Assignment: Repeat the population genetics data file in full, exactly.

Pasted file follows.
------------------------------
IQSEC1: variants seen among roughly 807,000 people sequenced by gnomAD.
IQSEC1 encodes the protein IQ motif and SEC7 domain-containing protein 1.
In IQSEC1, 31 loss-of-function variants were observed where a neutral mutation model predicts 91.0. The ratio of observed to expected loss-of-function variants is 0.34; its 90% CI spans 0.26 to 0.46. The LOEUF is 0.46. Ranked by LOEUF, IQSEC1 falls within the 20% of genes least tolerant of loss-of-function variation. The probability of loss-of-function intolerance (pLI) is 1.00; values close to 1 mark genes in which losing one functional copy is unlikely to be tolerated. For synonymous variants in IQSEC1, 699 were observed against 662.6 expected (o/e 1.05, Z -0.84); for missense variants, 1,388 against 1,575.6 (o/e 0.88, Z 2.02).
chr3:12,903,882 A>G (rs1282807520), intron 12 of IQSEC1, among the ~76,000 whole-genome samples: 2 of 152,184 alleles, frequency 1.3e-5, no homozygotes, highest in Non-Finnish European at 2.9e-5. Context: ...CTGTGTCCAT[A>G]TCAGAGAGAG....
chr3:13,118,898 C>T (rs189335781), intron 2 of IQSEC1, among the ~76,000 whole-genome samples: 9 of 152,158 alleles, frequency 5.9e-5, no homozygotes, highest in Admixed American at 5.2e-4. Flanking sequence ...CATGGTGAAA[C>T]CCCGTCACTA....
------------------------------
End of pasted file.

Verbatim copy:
IQSEC1: variants seen among roughly 807,000 people sequenced by gnomAD.
IQSEC1 encodes the protein IQ motif and SEC7 domain-containing protein 1.
In IQSEC1, 31 loss-of-function variants were observed where a neutral mutation model predicts 91.0. The ratio of observed to expected loss-of-function variants is 0.34; its 90% CI spans 0.26 to 0.46. The LOEUF is 0.46. Ranked by LOEUF, IQSEC1 falls within the 20% of genes least tolerant of loss-of-function variation. The probability of loss-of-function intolerance (pLI) is 1.00; values close to 1 mark genes in which losing one functional copy is unlikely to be tolerated. For synonymous variants in IQSEC1, 699 were observed against 662.6 expected (o/e 1.05, Z -0.84); for missense variants, 1,388 against 1,575.6 (o/e 0.88, Z 2.02).
chr3:12,903,882 A>G (rs1282807520), intron 12 of IQSEC1, among the ~76,000 whole-genome samples: 2 of 152,184 alleles, frequency 1.3e-5, no homozygotes, highest in Non-Finnish European at 2.9e-5. Context: ...CTGTGTCCAT[A>G]TCAGAGAGAG....
chr3:13,118,898 C>T (rs189335781), intron 2 of IQSEC1, among the ~76,000 whole-genome samples: 9 of 152,158 alleles, frequency 5.9e-5, no homozygotes, highest in Admixed American at 5.2e-4. Flanking sequence ...CATGGTGAAA[C>T]CCCGTCACTA....